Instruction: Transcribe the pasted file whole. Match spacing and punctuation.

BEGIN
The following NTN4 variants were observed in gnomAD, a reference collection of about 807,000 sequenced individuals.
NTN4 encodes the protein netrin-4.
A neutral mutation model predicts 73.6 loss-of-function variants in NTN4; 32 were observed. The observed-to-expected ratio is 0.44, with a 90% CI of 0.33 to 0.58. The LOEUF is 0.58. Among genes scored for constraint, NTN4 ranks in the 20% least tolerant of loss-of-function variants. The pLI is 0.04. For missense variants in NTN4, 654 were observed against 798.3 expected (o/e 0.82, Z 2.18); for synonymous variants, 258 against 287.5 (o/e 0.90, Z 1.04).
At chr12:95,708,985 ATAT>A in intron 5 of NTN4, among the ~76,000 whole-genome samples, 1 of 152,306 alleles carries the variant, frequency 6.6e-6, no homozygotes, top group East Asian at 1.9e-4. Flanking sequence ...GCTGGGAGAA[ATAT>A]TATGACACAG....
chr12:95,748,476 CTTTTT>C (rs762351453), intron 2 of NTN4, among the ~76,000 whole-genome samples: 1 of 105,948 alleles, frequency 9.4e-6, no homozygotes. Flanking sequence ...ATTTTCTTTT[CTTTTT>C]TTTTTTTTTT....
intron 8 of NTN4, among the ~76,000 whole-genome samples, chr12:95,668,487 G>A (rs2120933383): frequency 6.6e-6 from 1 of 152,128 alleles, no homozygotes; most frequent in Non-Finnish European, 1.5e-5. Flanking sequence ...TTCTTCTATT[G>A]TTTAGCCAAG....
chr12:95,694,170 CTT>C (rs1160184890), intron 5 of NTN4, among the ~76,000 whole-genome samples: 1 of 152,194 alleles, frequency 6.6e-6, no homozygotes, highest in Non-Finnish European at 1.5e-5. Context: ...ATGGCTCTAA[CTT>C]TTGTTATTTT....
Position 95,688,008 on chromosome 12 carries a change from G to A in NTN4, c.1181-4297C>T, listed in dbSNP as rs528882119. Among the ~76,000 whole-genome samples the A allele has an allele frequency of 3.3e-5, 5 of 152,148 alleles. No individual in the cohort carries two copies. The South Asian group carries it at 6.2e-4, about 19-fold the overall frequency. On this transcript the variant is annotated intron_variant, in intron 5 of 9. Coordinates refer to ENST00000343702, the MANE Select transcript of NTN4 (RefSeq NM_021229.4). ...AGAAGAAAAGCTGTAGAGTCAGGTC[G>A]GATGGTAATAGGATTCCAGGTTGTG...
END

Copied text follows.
The following NTN4 variants were observed in gnomAD, a reference collection of about 807,000 sequenced individuals.
NTN4 encodes the protein netrin-4.
A neutral mutation model predicts 73.6 loss-of-function variants in NTN4; 32 were observed. The observed-to-expected ratio is 0.44, with a 90% CI of 0.33 to 0.58. The LOEUF is 0.58. Among genes scored for constraint, NTN4 ranks in the 20% least tolerant of loss-of-function variants. The pLI is 0.04. For missense variants in NTN4, 654 were observed against 798.3 expected (o/e 0.82, Z 2.18); for synonymous variants, 258 against 287.5 (o/e 0.90, Z 1.04).
At chr12:95,708,985 ATAT>A in intron 5 of NTN4, among the ~76,000 whole-genome samples, 1 of 152,306 alleles carries the variant, frequency 6.6e-6, no homozygotes, top group East Asian at 1.9e-4. Flanking sequence ...GCTGGGAGAA[ATAT>A]TATGACACAG....
chr12:95,748,476 CTTTTT>C (rs762351453), intron 2 of NTN4, among the ~76,000 whole-genome samples: 1 of 105,948 alleles, frequency 9.4e-6, no homozygotes. Flanking sequence ...ATTTTCTTTT[CTTTTT>C]TTTTTTTTTT....
intron 8 of NTN4, among the ~76,000 whole-genome samples, chr12:95,668,487 G>A (rs2120933383): frequency 6.6e-6 from 1 of 152,128 alleles, no homozygotes; most frequent in Non-Finnish European, 1.5e-5. Flanking sequence ...TTCTTCTATT[G>A]TTTAGCCAAG....
chr12:95,694,170 CTT>C (rs1160184890), intron 5 of NTN4, among the ~76,000 whole-genome samples: 1 of 152,194 alleles, frequency 6.6e-6, no homozygotes, highest in Non-Finnish European at 1.5e-5. Context: ...ATGGCTCTAA[CTT>C]TTGTTATTTT....
Position 95,688,008 on chromosome 12 carries a change from G to A in NTN4, c.1181-4297C>T, listed in dbSNP as rs528882119. Among the ~76,000 whole-genome samples the A allele has an allele frequency of 3.3e-5, 5 of 152,148 alleles. No individual in the cohort carries two copies. The South Asian group carries it at 6.2e-4, about 19-fold the overall frequency. On this transcript the variant is annotated intron_variant, in intron 5 of 9. Coordinates refer to ENST00000343702, the MANE Select transcript of NTN4 (RefSeq NM_021229.4). ...AGAAGAAAAGCTGTAGAGTCAGGTC[G>A]GATGGTAATAGGATTCCAGGTTGTG...